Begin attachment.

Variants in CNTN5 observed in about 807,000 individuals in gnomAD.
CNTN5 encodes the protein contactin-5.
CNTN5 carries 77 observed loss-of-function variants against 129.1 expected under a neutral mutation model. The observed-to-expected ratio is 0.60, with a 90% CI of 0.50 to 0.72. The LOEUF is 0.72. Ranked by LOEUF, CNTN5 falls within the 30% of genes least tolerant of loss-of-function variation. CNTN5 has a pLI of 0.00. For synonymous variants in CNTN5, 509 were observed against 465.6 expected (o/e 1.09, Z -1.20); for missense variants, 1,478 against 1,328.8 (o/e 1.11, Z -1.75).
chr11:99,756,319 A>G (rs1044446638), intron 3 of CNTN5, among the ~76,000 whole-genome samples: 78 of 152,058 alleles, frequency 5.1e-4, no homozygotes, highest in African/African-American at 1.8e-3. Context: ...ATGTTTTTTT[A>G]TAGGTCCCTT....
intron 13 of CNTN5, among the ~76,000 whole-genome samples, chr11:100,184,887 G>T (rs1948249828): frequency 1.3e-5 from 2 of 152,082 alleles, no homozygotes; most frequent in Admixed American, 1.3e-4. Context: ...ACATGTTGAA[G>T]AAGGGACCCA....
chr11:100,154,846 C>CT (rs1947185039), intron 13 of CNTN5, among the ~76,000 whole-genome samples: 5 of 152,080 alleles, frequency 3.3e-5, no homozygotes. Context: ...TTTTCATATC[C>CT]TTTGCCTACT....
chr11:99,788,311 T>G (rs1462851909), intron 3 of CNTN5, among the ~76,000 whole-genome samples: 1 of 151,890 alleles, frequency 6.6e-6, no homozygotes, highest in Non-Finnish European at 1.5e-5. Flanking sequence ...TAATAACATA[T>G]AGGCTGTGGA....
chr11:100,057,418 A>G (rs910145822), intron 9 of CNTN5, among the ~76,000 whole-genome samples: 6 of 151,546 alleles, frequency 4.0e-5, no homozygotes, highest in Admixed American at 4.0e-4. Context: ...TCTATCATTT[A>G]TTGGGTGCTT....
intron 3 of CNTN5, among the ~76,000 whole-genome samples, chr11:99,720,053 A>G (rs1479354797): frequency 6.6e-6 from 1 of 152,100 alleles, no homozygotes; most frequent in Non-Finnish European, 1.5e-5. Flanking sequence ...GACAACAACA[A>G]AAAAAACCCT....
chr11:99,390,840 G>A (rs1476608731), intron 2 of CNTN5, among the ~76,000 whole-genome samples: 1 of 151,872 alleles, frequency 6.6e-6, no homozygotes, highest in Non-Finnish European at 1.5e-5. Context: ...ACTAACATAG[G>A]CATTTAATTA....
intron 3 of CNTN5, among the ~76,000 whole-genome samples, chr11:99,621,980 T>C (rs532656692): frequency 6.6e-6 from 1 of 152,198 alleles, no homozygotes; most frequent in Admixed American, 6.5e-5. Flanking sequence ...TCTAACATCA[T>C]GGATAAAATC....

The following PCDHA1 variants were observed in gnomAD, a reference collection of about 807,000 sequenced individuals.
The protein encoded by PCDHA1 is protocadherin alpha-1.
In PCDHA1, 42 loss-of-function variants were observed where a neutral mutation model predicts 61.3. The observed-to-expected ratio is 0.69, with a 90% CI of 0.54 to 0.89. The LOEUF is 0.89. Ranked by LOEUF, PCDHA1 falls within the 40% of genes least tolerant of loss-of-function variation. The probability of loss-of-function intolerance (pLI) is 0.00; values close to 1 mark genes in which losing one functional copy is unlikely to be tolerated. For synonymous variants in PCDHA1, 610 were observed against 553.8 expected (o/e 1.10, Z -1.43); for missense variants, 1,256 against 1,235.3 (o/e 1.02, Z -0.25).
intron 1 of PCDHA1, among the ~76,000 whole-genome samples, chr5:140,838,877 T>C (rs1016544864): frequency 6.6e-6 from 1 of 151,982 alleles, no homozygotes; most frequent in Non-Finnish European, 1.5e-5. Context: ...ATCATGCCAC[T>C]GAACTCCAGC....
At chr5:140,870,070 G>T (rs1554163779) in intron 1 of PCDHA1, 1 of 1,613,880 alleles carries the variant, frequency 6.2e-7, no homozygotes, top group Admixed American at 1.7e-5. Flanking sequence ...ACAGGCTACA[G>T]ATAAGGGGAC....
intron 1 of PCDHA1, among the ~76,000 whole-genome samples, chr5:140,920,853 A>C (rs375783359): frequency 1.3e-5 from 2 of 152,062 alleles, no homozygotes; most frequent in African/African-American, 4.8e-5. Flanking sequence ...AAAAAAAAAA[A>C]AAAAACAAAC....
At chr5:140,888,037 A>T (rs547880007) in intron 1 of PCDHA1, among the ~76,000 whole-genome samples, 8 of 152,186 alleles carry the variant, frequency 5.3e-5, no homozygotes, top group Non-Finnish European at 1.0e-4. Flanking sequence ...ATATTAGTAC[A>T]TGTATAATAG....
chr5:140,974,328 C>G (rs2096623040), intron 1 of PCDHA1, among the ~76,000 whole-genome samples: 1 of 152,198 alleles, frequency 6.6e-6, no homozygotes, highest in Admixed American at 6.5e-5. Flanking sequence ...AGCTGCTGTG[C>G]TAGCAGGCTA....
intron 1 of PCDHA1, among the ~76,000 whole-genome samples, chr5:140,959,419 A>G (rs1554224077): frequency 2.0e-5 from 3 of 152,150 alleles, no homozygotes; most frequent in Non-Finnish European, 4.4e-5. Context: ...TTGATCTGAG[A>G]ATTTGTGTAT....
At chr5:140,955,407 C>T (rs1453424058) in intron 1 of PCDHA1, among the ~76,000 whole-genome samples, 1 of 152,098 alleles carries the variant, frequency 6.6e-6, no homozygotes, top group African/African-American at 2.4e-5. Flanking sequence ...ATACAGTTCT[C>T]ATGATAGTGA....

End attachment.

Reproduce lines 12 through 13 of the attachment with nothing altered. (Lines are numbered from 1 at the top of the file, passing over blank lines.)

The following PCDHA1 variants were observed in gnomAD, a reference collection of about 807,000 sequenced individuals.
The protein encoded by PCDHA1 is protocadherin alpha-1.